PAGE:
The Myer Centre, Brisbane
The Myer Centre is located between the Queen Street Mall and Elizabeth Street in Brisbane, Queensland, Australia. It is a nine-floor shopping complex which includes Queensland's largest Myer department store, and is open to the public seven days a week. The Myer Centre has the added benefit of being the hub for the Brisbane CBD. Most buses originate and end near or under the Myer Centre. The Myer Centre Car Park is also one of the largest car parks in the heart of the city with easy access to everything in the city.
The Myer Centre is home to approximately 180 stores  including:
Due to the hilly landscape of the Brisbane CBD, The Myer Centre's floors are labelled differently to most shopping centres. Whereas many shopping centres label their floors purely by number (level 1, level 2, etc.) or its vertical position (lower level, upper level, etc.), The Myer Centre is laid out in the following fashion (lowest level to highest):
- Level S (named after the former Sizzler restaurant): now a small parking area
- Level T (Lower Target level, one lift only): Target
- Level A (Albert Street entrance): Queen Street bus station, Target, food court
- Level E (Elizabeth Street entrance): Coles Central, food court, specialty stores
- Level Q (Queen Street entrance): Myer (Beauty Floor), specialty stores
- Level 1 (first floor above any street level): Myer (Women's Floor), Lincraft, specialty stores
- Level 2 (second floor above street levels): Myer (Men's Floor), Lincraft, Best and Less, Medicare, Oxfam Shop, ABC Shop, Skinnys
- Level 3 (third floor above street levels): Myer (Homewares and Children's Floor) (accessed from within store only), Event Cinemas
- Level 4 (fourth floor above street levels): Myer (Home Entertainment Floor) (accessed from within store only)
- Level R (two lifts only): Centre Management
Previously, the original Brisbane Myer store extended from Queen Street to Adelaide Street, with entrances at both ends. That old location was on the opposite side of Queen Street to its current location in The Myer Centre. The old store was split in half by Burnett Lane and the arcade through today's Queen Adelaide Building used to be the main thoroughfare through the old Myer store. Myer purchased that original location from the Allan and Stark department store. The Allan and Stark Building are heritage listed. Originally, one of the entrances opened onto the busy Queen Street, before it was pedestrianised to become the Queen Street Mall in 1982.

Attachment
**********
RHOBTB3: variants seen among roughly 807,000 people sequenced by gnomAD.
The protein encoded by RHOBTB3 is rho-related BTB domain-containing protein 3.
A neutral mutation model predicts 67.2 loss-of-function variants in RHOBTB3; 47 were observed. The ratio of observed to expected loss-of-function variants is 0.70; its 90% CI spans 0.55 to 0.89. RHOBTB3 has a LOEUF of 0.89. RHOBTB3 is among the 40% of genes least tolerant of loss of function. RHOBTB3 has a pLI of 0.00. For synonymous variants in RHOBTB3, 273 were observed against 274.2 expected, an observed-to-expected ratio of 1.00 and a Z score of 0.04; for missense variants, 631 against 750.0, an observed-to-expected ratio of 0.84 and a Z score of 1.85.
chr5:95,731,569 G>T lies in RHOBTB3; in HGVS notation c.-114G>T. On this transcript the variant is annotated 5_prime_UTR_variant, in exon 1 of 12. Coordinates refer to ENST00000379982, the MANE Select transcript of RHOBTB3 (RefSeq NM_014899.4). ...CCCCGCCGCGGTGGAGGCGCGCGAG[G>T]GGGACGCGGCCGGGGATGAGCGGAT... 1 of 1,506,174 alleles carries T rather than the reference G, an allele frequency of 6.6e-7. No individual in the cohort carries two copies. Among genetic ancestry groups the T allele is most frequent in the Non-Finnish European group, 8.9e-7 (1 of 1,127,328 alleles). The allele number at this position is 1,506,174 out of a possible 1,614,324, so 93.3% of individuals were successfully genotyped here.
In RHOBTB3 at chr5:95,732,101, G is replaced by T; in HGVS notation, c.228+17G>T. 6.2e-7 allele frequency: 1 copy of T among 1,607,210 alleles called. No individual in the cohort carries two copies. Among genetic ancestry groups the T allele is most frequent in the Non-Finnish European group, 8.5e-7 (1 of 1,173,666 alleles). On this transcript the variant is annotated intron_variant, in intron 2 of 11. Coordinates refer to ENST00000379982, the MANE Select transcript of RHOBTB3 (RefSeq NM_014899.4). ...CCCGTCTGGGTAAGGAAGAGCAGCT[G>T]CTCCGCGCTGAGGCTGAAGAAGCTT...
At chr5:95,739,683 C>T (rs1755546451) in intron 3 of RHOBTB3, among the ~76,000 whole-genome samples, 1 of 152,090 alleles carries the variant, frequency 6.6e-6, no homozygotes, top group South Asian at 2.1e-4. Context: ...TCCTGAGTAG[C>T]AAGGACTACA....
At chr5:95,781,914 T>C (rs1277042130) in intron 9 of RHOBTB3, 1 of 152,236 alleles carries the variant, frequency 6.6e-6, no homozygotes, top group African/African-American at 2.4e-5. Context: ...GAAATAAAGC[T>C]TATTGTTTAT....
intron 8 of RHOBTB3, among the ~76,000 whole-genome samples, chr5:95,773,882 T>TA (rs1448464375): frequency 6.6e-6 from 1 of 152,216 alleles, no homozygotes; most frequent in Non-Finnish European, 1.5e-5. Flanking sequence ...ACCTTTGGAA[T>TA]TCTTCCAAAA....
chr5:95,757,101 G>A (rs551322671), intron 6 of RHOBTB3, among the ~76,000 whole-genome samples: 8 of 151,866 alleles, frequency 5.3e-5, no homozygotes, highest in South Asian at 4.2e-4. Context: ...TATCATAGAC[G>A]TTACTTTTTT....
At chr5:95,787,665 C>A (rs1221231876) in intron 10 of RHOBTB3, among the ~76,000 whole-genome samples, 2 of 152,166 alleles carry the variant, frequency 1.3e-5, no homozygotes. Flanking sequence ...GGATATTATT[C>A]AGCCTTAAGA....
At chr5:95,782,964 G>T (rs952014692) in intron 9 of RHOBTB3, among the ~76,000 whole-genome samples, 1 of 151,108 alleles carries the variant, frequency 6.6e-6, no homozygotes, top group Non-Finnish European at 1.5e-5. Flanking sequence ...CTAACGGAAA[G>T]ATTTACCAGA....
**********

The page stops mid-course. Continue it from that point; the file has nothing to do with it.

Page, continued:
In November 1998 the Myer Centre was purchased by Gandel Retail Trust for $371 million, making it the second largest property transaction in Australia's history at that time.
The construction project by REMM Group Ltd went for 18 months, and required excavation of 375,000 cubic metres of earth, to a depth of 22 metres (eight metres below the Brisbane River level), which was the largest urban excavation in Australia at that time.
Previously located on the site was four historic buildings of the Hotel Carlton (1885), New York Hotel (1860), Newspaper House, from which the Brisbane Telegraph was first published, and the Barry and Roberts department store. Using facadism, the facades of those buildings have been retained and restored.
The area where the cinemas now are was originally used as a fun park called 'Tops'. It was closed down and demolished in 2000, with the fun park parts sold off. The fun park comprised various small shops, an amusement centre, a swing ship, a dragon train, and a Ferris wheel. When the theme park was operating, screams of excitement and terror could be heard from the patrons of both the swing ship and the dragon train. Prior to 2000, the cinemas were originally situated in the area now occupied by Target on one level only, and operated by Hoyts.
In the past, the centre's tenants included fairly substantial nightclubs. In the early 1990s, the basement area (subsequently occupied by Sizzler) hosted "The Funkyard", a nightspot with an emphasis on the "alternative" guitar rock of the era. The Funkyard hosted live gigs; for example, the U.S. band Dark Carnival played there, with Ron Asheton of the Stooges on guitar. Another former tenant of the centre which played host to live music was the "Metropolis" nightclub, adjacent to the bus tunnel on Level "A", near the place now occupied by glamour photography shop "Starshots". Irish "shoegaze" band My Bloody Valentine played at Metropolis in 1991, supported by Straitjacket Fits (from New Zealand) and the Underground Lovers.
The centre is now valued at A$732 million.
On 8 March 2013, the mall was the scene of a siege.
There are four levels of paid car parking available in the basement of the complex.
Queen Street Bus Station on the Albert Street level of the complex.
The Myer Centre is also within easy walking distance of three train stations:
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